US embassy cable - 09ASTANA2148

KAZAKHSTAN: PARTY POLITICS INSIDE AND OUT: TWO POLITICIANS VIEWS

Identifier: 09ASTANA2148
Wikileaks: View 09ASTANA2148 at Wikileaks.org
Origin: Embassy Astana
Created: 2009-12-14 10:53:00
Classification: CONFIDENTIAL
Tags: PGOV PREL PHUM PINR KDEM KZ
Redacted: This cable was not redacted by Wikileaks.
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O 141053Z DEC 09
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TO RUEHC/SECSTATE WASHDC IMMEDIATE 6988
INFO RUCNCIS/CIS COLLECTIVE 2244
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RUEHZL/EUROPEAN POLITICAL COLLECTIVE
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C O N F I D E N T I A L SECTION 01 OF 02 ASTANA 002148 
 
SIPDIS 
 
STATE FOR SCA/CEN, DRL 
 
E.O. 12958: DECL: 12/15/2009 
TAGS: PGOV, PREL, PHUM, PINR, KDEM, KZ 
SUBJECT:  KAZAKHSTAN: PARTY POLITICS INSIDE AND OUT: TWO POLITICIANS 
VIEWS 
 
Classified By: DCM Pamela Spratlen:  1.4 (b), (d) 
 
1. (C) SUMMARY:  The Charge met on December 5 with the Secretary of 
the Nur Otan party, Yerlan Karin.  In the surprisingly frank 
three-hour meeting, Karin readily admitted that Nur Otan's monopoly 
on power tarnishes Kazakhstan's democratic credentials.  In his view, 
single-party rule is not sustainable, and Nur Otan will eventually 
split into several parties.  Karin wants Nur Otan to develop a solid 
party platform and resolve citizens' concerns, rather than simply 
serve as President Nazarbayev's "propaganda machine."  Karin 
acknowledged that the Presidential Administration sets policy, but 
asserted President Nazarbayev's openness to suggestions from his 
liberal advisors.  The leader of the opposition Ak Zhol party, by 
contrast, sees little opportunity for input on the policy process. 
END SUMMARY. 
 
2. (C) On December 5, the CDA met with Nur Otan party Secretary 
Yerlan Karin on his invitation.  The 33-year-old Karin, a political 
scientist by training, came to the President's Nur Otan party in 
November 2008 from the Internal Policy department of the Presidential 
Administration.  In Nur Otan's hierarchy, he is one of two 
secretaries reporting to the party's deputy chairman, who in turn 
reports to President Nazarbayev.  Although he usually keeps a low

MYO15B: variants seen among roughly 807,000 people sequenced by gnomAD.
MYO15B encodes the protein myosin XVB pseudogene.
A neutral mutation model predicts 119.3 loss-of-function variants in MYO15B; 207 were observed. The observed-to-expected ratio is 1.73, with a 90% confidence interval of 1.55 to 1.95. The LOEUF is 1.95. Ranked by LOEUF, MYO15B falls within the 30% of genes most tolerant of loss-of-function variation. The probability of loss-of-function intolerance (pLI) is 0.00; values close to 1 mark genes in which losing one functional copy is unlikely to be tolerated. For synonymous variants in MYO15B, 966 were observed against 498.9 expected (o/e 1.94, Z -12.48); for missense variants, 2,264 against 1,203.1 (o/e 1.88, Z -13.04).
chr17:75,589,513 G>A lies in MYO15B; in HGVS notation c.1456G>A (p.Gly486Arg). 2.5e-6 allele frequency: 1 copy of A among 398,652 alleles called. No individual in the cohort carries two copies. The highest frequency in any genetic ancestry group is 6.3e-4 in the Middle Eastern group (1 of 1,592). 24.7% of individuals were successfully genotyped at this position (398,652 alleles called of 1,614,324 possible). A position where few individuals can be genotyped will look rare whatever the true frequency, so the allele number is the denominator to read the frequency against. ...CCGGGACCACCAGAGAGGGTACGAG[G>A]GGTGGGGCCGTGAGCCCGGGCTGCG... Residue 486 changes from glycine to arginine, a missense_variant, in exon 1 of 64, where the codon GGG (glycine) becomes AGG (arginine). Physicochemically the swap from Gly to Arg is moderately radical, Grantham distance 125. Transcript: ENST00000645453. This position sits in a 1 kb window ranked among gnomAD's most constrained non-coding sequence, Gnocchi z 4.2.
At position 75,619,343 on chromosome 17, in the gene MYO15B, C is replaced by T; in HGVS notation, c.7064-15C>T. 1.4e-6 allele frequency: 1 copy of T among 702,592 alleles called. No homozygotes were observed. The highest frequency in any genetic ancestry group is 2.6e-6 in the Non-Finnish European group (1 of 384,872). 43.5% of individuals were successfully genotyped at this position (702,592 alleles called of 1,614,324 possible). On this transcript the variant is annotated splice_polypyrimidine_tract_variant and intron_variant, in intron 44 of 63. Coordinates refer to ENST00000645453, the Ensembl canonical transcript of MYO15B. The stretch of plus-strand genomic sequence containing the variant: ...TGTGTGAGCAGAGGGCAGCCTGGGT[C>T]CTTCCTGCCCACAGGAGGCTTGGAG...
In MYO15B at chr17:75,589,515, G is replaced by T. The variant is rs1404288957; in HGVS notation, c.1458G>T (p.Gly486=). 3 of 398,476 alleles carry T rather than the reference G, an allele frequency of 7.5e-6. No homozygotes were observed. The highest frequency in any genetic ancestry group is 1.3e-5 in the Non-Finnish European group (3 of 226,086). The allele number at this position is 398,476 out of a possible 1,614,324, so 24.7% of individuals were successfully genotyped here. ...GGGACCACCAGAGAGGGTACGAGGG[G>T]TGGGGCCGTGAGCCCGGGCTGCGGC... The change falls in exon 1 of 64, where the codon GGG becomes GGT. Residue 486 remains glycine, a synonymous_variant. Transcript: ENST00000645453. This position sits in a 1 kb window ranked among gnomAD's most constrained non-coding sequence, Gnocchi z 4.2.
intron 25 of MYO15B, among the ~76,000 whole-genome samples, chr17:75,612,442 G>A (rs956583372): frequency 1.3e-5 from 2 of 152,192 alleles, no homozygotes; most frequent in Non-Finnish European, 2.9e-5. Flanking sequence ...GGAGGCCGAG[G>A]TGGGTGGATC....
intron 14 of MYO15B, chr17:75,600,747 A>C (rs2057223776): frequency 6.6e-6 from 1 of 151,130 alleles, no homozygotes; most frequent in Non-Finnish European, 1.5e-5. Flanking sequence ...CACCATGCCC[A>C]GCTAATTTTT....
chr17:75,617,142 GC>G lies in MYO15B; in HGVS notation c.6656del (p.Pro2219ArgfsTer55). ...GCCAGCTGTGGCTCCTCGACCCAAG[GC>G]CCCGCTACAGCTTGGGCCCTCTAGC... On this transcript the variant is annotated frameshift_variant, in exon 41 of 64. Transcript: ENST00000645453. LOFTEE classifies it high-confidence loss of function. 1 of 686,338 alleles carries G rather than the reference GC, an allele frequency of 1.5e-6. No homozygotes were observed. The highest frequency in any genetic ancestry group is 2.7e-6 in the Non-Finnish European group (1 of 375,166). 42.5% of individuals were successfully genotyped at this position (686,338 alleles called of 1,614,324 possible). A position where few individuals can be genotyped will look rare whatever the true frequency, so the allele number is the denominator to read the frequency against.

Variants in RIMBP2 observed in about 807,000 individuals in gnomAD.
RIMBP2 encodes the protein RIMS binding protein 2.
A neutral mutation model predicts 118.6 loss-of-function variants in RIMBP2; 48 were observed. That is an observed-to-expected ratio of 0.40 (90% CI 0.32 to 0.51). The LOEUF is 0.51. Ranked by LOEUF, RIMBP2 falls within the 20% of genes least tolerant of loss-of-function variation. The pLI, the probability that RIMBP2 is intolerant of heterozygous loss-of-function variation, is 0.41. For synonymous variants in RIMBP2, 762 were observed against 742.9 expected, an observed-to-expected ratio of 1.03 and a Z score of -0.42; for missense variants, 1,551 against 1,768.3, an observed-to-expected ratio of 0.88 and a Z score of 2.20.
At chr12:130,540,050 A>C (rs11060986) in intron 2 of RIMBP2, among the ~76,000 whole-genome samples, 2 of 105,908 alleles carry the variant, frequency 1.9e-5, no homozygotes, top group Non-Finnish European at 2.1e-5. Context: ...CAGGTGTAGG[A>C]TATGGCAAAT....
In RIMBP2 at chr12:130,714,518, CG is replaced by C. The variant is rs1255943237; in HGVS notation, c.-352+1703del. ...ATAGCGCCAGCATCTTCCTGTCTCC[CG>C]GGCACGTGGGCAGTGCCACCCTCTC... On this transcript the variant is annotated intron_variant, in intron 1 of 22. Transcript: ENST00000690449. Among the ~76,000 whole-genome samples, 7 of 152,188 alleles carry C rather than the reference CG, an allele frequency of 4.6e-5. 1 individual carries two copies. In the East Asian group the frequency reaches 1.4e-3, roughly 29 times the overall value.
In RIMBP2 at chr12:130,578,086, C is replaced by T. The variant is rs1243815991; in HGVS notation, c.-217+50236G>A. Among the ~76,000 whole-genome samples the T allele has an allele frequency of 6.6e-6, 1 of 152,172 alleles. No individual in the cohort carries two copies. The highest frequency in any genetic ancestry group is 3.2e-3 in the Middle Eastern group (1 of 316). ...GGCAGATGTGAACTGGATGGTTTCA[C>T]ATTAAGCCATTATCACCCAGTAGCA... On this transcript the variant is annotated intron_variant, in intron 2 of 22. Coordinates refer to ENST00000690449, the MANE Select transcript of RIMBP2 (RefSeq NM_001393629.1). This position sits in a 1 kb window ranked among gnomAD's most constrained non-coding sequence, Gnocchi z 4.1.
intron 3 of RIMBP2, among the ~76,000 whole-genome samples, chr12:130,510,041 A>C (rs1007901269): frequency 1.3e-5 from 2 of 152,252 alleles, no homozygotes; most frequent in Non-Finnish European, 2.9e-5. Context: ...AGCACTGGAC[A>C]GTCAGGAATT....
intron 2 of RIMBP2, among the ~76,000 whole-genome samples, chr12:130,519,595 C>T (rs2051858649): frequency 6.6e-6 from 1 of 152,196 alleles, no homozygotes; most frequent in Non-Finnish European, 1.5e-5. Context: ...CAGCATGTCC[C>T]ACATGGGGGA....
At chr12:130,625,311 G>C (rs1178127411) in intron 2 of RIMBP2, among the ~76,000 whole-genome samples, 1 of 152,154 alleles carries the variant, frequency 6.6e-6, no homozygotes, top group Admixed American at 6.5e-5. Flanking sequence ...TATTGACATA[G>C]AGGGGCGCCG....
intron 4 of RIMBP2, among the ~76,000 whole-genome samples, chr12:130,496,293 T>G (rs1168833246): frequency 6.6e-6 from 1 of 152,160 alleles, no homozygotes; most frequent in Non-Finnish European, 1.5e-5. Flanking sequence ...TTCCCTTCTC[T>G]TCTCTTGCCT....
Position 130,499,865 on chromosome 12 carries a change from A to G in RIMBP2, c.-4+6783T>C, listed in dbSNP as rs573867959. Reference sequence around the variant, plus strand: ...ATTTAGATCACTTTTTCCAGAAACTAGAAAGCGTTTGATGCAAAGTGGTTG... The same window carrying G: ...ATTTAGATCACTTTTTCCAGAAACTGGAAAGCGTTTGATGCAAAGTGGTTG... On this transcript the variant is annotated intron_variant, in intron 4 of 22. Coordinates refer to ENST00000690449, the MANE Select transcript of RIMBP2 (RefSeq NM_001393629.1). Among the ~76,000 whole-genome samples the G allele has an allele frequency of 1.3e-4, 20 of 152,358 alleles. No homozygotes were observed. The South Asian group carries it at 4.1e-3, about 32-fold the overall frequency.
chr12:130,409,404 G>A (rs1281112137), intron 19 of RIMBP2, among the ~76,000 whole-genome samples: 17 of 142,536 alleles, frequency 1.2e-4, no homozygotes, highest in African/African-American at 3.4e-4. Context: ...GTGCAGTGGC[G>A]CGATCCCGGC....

public profile, Karin is believed to be the party's policy strategist 
and is credited with Nur Otan's recent push to cement its credentials 
as a bona fide political party.  Further bio details reported septel. 
 
NUR OTAN DEVELOPING TIES TO CIVIL SOCIETY 
 
3.  (C) During a three-hour meeting and lunch, Karin freely and 
frankly discussed his views of the Nur Otan party, decision-making in 
the Presidential Administration, and the future of democratic reform 
in the country.  Karin readily admitted that Nur Otan's monopoly on 
power tarnishes Kazakhstan's democratic credentials, but "it is a 
fact of life for the moment."  He aims to compensate through the 
creation of greater democracy within the party itself and increased 
responsiveness to citizens' concerns.  Karin described his initiative 
for Nur Otan to establish consultative councils with pro-government 
opposition parties and leading NGOs.  The "radical" opposition 
parties declined to participate, because they feared being seen as 
abandoning their principles, he said. 
 
PARTY AS A "DEMOCRACY SCHOOL"? 
 
4.  (C) In his relaxed and frank way, Karin told us that he does not 
consider single-party rule sustainable, and that Nur Otan will 
eventually split into separate parties -- "It's a question of time." 
Nur Otan's weakness is that "it's trying to be all things to all 
people" and avoiding taking a committed stance on tougher issues, 
like the question of Kazakhstan's identity as a multi-ethnic state 
versus Kazakh nationalism.  At the same time, he sees the party as 
"good democracy training.  The government (executive branch) works in 
isolation.  It sets its own priorities without consulting" with civil 
society or the electorate.  "As a party, you are constantly exposed